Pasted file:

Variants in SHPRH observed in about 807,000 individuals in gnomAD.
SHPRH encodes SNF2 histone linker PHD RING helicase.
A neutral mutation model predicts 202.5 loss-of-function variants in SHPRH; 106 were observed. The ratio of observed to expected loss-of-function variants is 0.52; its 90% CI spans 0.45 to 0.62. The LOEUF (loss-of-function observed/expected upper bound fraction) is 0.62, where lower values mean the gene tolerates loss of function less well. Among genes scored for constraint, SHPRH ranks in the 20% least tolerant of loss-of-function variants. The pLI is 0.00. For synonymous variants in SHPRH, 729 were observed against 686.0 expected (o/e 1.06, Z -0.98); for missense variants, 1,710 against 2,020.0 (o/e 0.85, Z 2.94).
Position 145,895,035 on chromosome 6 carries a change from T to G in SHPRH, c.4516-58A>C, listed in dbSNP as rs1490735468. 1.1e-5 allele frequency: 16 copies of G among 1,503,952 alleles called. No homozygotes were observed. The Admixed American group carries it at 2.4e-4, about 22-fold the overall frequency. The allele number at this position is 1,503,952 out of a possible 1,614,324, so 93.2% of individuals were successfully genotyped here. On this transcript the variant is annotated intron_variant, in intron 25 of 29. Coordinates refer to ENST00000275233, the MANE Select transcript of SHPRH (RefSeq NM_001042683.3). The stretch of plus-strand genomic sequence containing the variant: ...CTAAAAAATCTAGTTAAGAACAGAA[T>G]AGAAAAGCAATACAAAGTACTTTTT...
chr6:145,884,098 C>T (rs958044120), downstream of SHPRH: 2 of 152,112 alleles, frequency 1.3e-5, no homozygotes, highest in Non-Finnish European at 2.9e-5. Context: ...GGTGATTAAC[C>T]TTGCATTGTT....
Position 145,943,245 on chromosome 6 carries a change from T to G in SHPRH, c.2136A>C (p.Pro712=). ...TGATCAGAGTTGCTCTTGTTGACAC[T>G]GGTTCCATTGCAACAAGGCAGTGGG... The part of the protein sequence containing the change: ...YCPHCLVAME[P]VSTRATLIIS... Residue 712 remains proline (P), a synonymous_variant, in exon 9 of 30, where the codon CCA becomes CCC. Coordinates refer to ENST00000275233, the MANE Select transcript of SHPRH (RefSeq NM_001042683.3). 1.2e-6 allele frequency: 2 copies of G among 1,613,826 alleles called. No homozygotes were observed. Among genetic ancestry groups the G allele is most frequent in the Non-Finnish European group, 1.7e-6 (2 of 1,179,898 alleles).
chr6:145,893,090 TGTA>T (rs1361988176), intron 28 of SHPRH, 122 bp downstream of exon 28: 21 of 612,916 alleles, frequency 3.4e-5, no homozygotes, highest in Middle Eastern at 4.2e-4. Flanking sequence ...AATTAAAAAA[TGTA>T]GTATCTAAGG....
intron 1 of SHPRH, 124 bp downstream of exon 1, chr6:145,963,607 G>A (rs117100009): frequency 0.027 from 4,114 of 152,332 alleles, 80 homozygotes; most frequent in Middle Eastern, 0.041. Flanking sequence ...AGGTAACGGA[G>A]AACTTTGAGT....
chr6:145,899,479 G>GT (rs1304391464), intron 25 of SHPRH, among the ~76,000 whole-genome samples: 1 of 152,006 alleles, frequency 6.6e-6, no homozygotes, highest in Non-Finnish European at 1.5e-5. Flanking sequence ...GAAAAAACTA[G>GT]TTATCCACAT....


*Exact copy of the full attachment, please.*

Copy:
Variants in SHPRH observed in about 807,000 individuals in gnomAD.
SHPRH encodes SNF2 histone linker PHD RING helicase.
A neutral mutation model predicts 202.5 loss-of-function variants in SHPRH; 106 were observed. The ratio of observed to expected loss-of-function variants is 0.52; its 90% CI spans 0.45 to 0.62. The LOEUF (loss-of-function observed/expected upper bound fraction) is 0.62, where lower values mean the gene tolerates loss of function less well. Among genes scored for constraint, SHPRH ranks in the 20% least tolerant of loss-of-function variants. The pLI is 0.00. For synonymous variants in SHPRH, 729 were observed against 686.0 expected (o/e 1.06, Z -0.98); for missense variants, 1,710 against 2,020.0 (o/e 0.85, Z 2.94).
Position 145,895,035 on chromosome 6 carries a change from T to G in SHPRH, c.4516-58A>C, listed in dbSNP as rs1490735468. 1.1e-5 allele frequency: 16 copies of G among 1,503,952 alleles called. No homozygotes were observed. The Admixed American group carries it at 2.4e-4, about 22-fold the overall frequency. The allele number at this position is 1,503,952 out of a possible 1,614,324, so 93.2% of individuals were successfully genotyped here. On this transcript the variant is annotated intron_variant, in intron 25 of 29. Coordinates refer to ENST00000275233, the MANE Select transcript of SHPRH (RefSeq NM_001042683.3). The stretch of plus-strand genomic sequence containing the variant: ...CTAAAAAATCTAGTTAAGAACAGAA[T>G]AGAAAAGCAATACAAAGTACTTTTT...
chr6:145,884,098 C>T (rs958044120), downstream of SHPRH: 2 of 152,112 alleles, frequency 1.3e-5, no homozygotes, highest in Non-Finnish European at 2.9e-5. Context: ...GGTGATTAAC[C>T]TTGCATTGTT....
Position 145,943,245 on chromosome 6 carries a change from T to G in SHPRH, c.2136A>C (p.Pro712=). ...TGATCAGAGTTGCTCTTGTTGACAC[T>G]GGTTCCATTGCAACAAGGCAGTGGG... The part of the protein sequence containing the change: ...YCPHCLVAME[P]VSTRATLIIS... Residue 712 remains proline (P), a synonymous_variant, in exon 9 of 30, where the codon CCA becomes CCC. Coordinates refer to ENST00000275233, the MANE Select transcript of SHPRH (RefSeq NM_001042683.3). 1.2e-6 allele frequency: 2 copies of G among 1,613,826 alleles called. No homozygotes were observed. Among genetic ancestry groups the G allele is most frequent in the Non-Finnish European group, 1.7e-6 (2 of 1,179,898 alleles).
chr6:145,893,090 TGTA>T (rs1361988176), intron 28 of SHPRH, 122 bp downstream of exon 28: 21 of 612,916 alleles, frequency 3.4e-5, no homozygotes, highest in Middle Eastern at 4.2e-4. Flanking sequence ...AATTAAAAAA[TGTA>T]GTATCTAAGG....
intron 1 of SHPRH, 124 bp downstream of exon 1, chr6:145,963,607 G>A (rs117100009): frequency 0.027 from 4,114 of 152,332 alleles, 80 homozygotes; most frequent in Middle Eastern, 0.041. Flanking sequence ...AGGTAACGGA[G>A]AACTTTGAGT....
chr6:145,899,479 G>GT (rs1304391464), intron 25 of SHPRH, among the ~76,000 whole-genome samples: 1 of 152,006 alleles, frequency 6.6e-6, no homozygotes, highest in Non-Finnish European at 1.5e-5. Flanking sequence ...GAAAAAACTA[G>GT]TTATCCACAT....